The sixth topic of the roundtable discussion concerned bank loans, growth and opening to the east. The conversation started with a historical reference to the transformation of a single-tier centralised Hungarian banking system into a two-tier one in the second half of the 1980s, with the second tier, called commercial-economic, initially lending to consumers and the business sector alike. It was also mentioned that due to irresponsible lending made with all-too-favourable conditions, second-tier banks, with the exception of OTP Bank, went bankrupt and needed recapitalisation before they were sold to foreigners. OTP Bank was also sold, but the internal management was given a significant role. The Hungarian subsidiaries of banks sold abroad – as mentioned several times during the discussions – sent a considerable part of their operating profits to their parent banks. The problems caused by forex lending were repeatedly mentioned, as the foreign parent banks do not assume any liability whatsoever for such transactions.
As to the character and role of Hungarian capitalists, the debaters find them rather uncreative, as they came into existence through state support rather than with their own resources. An argument developed about the political affiliation of the new Hungarian capitalists. Csaba Lentner is of the opinion that over the longer term they are shifting towards the right, which is, however, contested by the other two discussion partners based on the assumption that this layer of society is always rationally attracted to the side that can best serve its interests. In relation to this, László Parragh suggested, and Mihály Patai agreed, that a Hungarian business stratum should be created. In response, Csaba Lentner mentioned that in the framework of the Funding for Growth Scheme, the National Bank of Hungary has invested several thousand billion forints into Hungarian businesses, primarily SMEs and small agricultural producers.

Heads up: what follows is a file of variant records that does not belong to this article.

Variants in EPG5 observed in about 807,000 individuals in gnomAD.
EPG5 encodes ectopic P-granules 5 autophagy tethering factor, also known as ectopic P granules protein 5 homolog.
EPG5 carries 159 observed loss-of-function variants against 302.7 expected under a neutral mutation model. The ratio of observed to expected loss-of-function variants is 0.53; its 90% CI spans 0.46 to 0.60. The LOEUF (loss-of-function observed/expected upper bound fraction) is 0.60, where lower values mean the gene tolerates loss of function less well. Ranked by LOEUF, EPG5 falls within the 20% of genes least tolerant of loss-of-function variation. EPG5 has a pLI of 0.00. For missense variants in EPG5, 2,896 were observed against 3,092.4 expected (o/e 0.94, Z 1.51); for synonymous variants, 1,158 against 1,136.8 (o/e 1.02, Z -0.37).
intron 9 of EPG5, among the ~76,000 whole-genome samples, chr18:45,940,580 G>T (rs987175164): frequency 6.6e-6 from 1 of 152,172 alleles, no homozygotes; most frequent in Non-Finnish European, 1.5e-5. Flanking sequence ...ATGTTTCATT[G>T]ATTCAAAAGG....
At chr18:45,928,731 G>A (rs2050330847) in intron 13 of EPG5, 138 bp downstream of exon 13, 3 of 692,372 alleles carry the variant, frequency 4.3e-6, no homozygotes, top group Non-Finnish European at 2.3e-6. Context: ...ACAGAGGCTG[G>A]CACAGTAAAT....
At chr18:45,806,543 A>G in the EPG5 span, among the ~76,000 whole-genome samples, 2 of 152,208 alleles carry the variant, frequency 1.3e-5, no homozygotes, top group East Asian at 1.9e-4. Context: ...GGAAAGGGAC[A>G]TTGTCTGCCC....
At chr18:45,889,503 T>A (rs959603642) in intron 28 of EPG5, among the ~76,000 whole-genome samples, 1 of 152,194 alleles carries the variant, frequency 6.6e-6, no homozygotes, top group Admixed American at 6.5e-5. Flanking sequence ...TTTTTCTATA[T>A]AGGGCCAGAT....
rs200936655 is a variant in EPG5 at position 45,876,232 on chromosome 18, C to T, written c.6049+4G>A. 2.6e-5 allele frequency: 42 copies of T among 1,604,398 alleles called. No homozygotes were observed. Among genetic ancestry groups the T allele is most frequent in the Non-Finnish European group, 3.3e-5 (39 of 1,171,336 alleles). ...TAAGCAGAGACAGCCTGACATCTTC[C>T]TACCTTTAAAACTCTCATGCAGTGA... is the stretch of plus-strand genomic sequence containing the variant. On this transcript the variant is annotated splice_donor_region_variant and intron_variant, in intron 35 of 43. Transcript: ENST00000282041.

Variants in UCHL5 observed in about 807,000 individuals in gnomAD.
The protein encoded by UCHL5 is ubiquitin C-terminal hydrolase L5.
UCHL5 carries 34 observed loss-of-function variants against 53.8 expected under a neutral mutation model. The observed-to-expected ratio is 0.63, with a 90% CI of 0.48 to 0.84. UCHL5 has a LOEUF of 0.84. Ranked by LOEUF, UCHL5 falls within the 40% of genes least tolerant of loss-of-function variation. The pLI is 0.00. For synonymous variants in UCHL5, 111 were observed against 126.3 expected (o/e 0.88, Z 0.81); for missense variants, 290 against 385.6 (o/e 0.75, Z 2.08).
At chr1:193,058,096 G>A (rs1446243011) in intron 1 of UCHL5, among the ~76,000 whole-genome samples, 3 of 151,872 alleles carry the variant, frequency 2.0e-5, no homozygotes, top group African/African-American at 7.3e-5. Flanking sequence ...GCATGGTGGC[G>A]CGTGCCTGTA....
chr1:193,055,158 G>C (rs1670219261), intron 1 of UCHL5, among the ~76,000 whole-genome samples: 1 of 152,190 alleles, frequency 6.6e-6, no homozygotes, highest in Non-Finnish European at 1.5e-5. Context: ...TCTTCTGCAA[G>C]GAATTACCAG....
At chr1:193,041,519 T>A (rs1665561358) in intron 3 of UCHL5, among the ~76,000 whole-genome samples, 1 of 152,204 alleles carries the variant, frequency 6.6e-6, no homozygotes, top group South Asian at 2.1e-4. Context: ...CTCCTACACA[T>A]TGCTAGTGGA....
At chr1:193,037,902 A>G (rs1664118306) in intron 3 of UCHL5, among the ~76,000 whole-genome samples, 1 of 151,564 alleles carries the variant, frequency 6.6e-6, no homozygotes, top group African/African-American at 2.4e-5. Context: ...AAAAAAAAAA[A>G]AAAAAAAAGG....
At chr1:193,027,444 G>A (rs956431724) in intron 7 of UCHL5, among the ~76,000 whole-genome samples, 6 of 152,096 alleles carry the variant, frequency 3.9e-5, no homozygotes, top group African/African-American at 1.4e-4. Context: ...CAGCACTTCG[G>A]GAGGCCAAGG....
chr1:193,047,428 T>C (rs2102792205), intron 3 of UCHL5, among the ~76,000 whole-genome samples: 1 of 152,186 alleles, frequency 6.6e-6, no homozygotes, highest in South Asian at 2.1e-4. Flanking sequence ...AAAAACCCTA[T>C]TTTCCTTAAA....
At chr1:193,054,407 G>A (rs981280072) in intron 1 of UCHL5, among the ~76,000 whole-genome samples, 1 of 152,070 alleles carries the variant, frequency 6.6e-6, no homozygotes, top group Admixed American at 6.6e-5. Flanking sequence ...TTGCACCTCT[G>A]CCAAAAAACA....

The discussion also covered the issue of a correlation between company subsidies and corruption. The question was raised of whether the assignment of the majority of public procurement tenders to a single company should be considered as corruption. In Mihály Patai’s view the misgiving related to this are unfounded. Csaba Lentner thinks that corruption is ruled out when the majority of public procurement tenders are granted to a proven company that seems to be the most suitable for fulfilling the mandate.
Opening to the east and the efforts made at penetrating eastern markets were raised as final topics, covering not only Russia, but also a more extensive area including the Middle East. In relation to this, the Russian contribution to the renovation of the Paks Nuclear Power Plant was mentioned, the soundness of which is not disputed by several of the older EU Member States, as they have realized that this is the most efficient solution for securing Hungary’s long-term energy supply. The discussion partners also agreed that Hungary needs an economic policy which places equal emphasis on maintaining western economic relations and opening to eastern markets.